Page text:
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Traducción e Interpretación

BITRA. BIBLIOGRAFÍA DE INTERPRETACIÓN Y TRADUCCIÓN

 
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Tema:   Autor. Sofocles. Sophocles. Obra. 'Edipo rey'. 'Oedipus King'. Grecia. Reino Unido. Teatro. Literatura. Género. Historia. Antigua. XIX. Moderna.
Autor:   Nikolarea, Ekaterini
Año:   1994
Título:   A communicative model for theatre translation. Versions of Oedipus the King in English
Lugar:   Calgary (Alberta)
Editorial/Revista:   University of Alberta
Idioma:   Inglés.
Tipo:   Tesis.
ISBN/ISSN/DOI:   ISBN: 9780612017924.
Resumen:   This is a study of how the notions of Greek tragedy have been perceived and constructed by the English-speaking world through translations and performances in Restoration England and since late nineteenth century. The first part of this dissertation (Chapter I) focuses on the contemporary theoretical frameworks of the semiotics of theatre/drama and translation studies which, while shedding new light on the complex process of translating a theatre text, have been recently polarized between preference for a performance-oriented translation and a reader-oriented translation. In order to decipher the multi-layered process of interlingual and cross-cultural theatre communication, we use Sophocles' Oedipus the King as a test case to see how one Greek tragedy has been constructed by British and North American translators, producers and performers. The second and largest part of this research (Chapters II, III, IV and V) is devoted to Sophocles' Oedipus the King and its subsequent translations and performances in English towards the end of the nineteenth and during the twentieth century. We follow three steps of investigation. First, in Chapter II, we examine how the process of the intralingual and intracultural communication takes place; that is, the relationship of the addresser (Sophocles) with his message (Oedipus the King) and his addressees (the Athenian audience of the fifth century B.C.E). Second, we try to understand how the first contact between Sophocles and his translators, directors and actors occurred. The third and final step of the second part of this research (Chapters III, IV and V) is the multi-layered process of interlingual and cross-cultural communication. While working on English translations and performances of this Sophoclean tragedy, we take into consideration the interaction and interdependence between the translators, producers and actors and their societies and the constant changes of the "dramatic" and "theatrical" conventions. Furthermore, when comparing these translations and their performances, we try to point out--when possible--why translators made particular choices, what strategies they followed, what they aimed for in the target culture, and how the performances of their translations helped in the reception of Oedipus the King by the English-speaking world. The final part of this study (Chapter VI) is two-fold. First, it focuses on the results of this research, that is, how Greek tragedy in general and Oedipus the King in particular have been perceived and constructed by the English-speaking world through translations and performances since late nineteenth century. Second, it proposes an integrated communicative model for theatre translation that ventures to resolve the current polarization between preference for a performance-oriented translation and a reader-oriented translation. [Source: Author]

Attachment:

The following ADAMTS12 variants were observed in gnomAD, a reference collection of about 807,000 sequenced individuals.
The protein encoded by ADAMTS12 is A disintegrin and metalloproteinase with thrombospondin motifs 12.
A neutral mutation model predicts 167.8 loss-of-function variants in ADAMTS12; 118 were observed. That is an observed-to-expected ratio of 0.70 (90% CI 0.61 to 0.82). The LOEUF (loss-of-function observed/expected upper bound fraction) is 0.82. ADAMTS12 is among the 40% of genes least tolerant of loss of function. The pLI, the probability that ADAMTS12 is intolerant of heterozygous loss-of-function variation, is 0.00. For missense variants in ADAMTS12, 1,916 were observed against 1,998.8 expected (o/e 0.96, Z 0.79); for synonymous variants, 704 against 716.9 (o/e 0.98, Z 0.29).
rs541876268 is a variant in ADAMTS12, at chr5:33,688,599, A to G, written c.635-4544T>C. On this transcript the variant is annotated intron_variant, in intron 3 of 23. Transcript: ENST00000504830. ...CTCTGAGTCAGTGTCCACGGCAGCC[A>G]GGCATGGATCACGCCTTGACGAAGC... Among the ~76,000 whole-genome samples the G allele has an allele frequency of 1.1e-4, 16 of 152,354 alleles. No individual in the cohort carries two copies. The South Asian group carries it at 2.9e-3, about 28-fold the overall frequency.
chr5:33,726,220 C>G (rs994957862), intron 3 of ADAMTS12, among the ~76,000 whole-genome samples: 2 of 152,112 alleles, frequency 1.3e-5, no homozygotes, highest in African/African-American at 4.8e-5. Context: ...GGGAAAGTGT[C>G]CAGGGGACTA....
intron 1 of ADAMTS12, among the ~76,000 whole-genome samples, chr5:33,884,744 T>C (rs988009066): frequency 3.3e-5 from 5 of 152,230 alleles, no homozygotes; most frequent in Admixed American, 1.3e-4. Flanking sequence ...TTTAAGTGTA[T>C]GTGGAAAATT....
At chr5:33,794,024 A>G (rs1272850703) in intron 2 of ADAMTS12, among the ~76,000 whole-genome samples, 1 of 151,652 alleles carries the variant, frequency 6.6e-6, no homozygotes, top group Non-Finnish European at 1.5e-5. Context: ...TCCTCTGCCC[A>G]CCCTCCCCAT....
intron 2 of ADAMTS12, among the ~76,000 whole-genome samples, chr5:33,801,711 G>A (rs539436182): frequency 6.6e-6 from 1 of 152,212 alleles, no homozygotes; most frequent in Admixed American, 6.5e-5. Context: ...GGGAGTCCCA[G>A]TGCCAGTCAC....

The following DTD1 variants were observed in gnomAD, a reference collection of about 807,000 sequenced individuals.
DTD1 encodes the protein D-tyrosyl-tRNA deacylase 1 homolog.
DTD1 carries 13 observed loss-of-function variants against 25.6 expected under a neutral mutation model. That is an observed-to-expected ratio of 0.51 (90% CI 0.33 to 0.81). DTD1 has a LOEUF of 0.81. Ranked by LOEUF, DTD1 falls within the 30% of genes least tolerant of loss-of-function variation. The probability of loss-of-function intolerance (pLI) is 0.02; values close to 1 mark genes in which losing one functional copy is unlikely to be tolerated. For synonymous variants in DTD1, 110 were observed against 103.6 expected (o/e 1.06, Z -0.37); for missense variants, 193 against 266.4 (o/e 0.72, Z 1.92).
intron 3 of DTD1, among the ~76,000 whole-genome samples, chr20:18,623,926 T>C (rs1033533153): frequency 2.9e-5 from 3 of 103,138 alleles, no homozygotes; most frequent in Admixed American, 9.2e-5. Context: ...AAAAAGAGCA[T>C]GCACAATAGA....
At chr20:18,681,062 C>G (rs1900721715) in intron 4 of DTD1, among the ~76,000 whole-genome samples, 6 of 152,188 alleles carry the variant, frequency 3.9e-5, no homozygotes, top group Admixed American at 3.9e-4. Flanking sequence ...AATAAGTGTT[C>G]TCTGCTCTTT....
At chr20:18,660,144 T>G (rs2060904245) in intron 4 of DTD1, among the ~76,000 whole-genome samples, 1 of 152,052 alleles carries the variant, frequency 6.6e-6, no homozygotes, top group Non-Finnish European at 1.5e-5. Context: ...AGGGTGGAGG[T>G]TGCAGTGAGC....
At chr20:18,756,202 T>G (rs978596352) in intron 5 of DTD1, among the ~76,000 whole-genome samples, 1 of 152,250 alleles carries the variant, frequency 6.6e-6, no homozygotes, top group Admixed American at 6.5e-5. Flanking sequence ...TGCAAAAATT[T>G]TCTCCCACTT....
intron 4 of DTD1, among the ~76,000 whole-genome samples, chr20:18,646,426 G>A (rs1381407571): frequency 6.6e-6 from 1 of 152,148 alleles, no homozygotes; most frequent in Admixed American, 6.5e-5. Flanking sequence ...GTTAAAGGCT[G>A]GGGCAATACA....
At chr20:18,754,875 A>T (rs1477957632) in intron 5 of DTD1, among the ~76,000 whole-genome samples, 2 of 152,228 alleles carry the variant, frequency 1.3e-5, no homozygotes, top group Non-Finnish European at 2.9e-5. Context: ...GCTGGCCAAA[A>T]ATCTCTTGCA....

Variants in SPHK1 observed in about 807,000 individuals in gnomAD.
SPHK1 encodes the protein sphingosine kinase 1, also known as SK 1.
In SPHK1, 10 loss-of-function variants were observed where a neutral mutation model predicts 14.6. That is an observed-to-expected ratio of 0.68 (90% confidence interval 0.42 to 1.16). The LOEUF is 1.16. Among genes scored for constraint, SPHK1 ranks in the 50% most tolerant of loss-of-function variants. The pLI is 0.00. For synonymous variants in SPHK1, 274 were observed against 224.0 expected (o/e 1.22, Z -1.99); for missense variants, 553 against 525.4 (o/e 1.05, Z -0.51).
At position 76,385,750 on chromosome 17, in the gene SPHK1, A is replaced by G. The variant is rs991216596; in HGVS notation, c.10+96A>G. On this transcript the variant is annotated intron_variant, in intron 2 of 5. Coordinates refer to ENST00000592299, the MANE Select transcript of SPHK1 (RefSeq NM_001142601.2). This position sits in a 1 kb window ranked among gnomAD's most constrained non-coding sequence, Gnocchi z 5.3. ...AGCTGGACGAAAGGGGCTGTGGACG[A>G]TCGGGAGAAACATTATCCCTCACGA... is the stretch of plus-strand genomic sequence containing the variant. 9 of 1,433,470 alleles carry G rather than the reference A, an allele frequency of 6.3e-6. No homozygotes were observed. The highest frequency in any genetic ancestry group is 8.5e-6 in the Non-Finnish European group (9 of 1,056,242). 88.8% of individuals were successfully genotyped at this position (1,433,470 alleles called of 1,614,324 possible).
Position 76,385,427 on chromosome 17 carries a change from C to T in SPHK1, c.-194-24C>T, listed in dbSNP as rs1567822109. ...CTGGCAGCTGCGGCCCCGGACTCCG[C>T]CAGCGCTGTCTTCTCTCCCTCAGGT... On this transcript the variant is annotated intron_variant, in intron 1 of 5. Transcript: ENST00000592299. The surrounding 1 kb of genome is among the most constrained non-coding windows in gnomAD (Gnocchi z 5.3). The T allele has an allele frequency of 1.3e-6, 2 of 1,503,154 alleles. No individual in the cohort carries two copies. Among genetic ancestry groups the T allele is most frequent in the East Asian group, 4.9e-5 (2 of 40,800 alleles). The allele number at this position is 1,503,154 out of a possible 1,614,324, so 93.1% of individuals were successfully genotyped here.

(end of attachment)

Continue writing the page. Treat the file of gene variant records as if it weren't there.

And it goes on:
2001-2021 Universidad de Alicante DOI: 10.14198/bitra
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